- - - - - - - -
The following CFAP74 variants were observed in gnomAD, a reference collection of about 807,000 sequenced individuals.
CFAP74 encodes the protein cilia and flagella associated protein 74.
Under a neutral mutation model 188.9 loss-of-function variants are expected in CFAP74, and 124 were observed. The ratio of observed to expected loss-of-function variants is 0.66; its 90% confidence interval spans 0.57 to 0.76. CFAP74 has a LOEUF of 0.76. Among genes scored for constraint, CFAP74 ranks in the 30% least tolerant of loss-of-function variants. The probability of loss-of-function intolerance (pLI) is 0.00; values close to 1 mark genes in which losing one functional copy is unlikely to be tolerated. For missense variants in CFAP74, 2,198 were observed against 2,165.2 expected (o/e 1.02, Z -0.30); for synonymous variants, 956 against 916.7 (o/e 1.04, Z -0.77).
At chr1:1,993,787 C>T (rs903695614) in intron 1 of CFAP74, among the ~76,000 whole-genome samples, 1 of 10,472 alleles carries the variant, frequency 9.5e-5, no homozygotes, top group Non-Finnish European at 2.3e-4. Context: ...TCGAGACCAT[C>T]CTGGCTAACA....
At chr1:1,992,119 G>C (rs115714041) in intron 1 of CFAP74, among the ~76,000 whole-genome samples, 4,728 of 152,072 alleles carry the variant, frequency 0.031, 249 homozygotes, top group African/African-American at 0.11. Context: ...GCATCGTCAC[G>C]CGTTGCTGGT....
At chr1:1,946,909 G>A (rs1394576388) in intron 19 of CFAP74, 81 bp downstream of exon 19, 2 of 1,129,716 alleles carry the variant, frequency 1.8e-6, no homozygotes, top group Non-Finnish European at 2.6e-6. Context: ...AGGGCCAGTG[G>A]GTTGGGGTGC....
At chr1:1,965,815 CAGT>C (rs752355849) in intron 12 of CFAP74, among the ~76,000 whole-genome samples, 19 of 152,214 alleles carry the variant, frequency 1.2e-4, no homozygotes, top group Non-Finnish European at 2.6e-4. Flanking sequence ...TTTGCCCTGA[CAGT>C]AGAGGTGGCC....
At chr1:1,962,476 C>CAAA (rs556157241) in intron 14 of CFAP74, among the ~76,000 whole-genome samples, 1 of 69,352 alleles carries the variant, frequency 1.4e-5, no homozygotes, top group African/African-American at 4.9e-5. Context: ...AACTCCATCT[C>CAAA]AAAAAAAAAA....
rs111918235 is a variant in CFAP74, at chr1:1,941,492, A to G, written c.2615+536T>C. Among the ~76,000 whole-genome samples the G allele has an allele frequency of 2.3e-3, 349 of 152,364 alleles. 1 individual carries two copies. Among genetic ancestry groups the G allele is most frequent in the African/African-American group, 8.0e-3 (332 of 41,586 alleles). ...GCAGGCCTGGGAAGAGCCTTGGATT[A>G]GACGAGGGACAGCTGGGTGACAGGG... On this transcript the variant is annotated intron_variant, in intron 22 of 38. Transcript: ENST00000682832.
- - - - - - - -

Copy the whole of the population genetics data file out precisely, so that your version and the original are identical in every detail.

The following CFAP74 variants were observed in gnomAD, a reference collection of about 807,000 sequenced individuals.
CFAP74 encodes the protein cilia and flagella associated protein 74.
Under a neutral mutation model 188.9 loss-of-function variants are expected in CFAP74, and 124 were observed. The ratio of observed to expected loss-of-function variants is 0.66; its 90% confidence interval spans 0.57 to 0.76. CFAP74 has a LOEUF of 0.76. Among genes scored for constraint, CFAP74 ranks in the 30% least tolerant of loss-of-function variants. The probability of loss-of-function intolerance (pLI) is 0.00; values close to 1 mark genes in which losing one functional copy is unlikely to be tolerated. For missense variants in CFAP74, 2,198 were observed against 2,165.2 expected (o/e 1.02, Z -0.30); for synonymous variants, 956 against 916.7 (o/e 1.04, Z -0.77).
At chr1:1,993,787 C>T (rs903695614) in intron 1 of CFAP74, among the ~76,000 whole-genome samples, 1 of 10,472 alleles carries the variant, frequency 9.5e-5, no homozygotes, top group Non-Finnish European at 2.3e-4. Context: ...TCGAGACCAT[C>T]CTGGCTAACA....
At chr1:1,992,119 G>C (rs115714041) in intron 1 of CFAP74, among the ~76,000 whole-genome samples, 4,728 of 152,072 alleles carry the variant, frequency 0.031, 249 homozygotes, top group African/African-American at 0.11. Context: ...GCATCGTCAC[G>C]CGTTGCTGGT....
At chr1:1,946,909 G>A (rs1394576388) in intron 19 of CFAP74, 81 bp downstream of exon 19, 2 of 1,129,716 alleles carry the variant, frequency 1.8e-6, no homozygotes, top group Non-Finnish European at 2.6e-6. Context: ...AGGGCCAGTG[G>A]GTTGGGGTGC....
At chr1:1,965,815 CAGT>C (rs752355849) in intron 12 of CFAP74, among the ~76,000 whole-genome samples, 19 of 152,214 alleles carry the variant, frequency 1.2e-4, no homozygotes, top group Non-Finnish European at 2.6e-4. Flanking sequence ...TTTGCCCTGA[CAGT>C]AGAGGTGGCC....
At chr1:1,962,476 C>CAAA (rs556157241) in intron 14 of CFAP74, among the ~76,000 whole-genome samples, 1 of 69,352 alleles carries the variant, frequency 1.4e-5, no homozygotes, top group African/African-American at 4.9e-5. Context: ...AACTCCATCT[C>CAAA]AAAAAAAAAA....
rs111918235 is a variant in CFAP74, at chr1:1,941,492, A to G, written c.2615+536T>C. Among the ~76,000 whole-genome samples the G allele has an allele frequency of 2.3e-3, 349 of 152,364 alleles. 1 individual carries two copies. Among genetic ancestry groups the G allele is most frequent in the African/African-American group, 8.0e-3 (332 of 41,586 alleles). ...GCAGGCCTGGGAAGAGCCTTGGATT[A>G]GACGAGGGACAGCTGGGTGACAGGG... On this transcript the variant is annotated intron_variant, in intron 22 of 38. Transcript: ENST00000682832.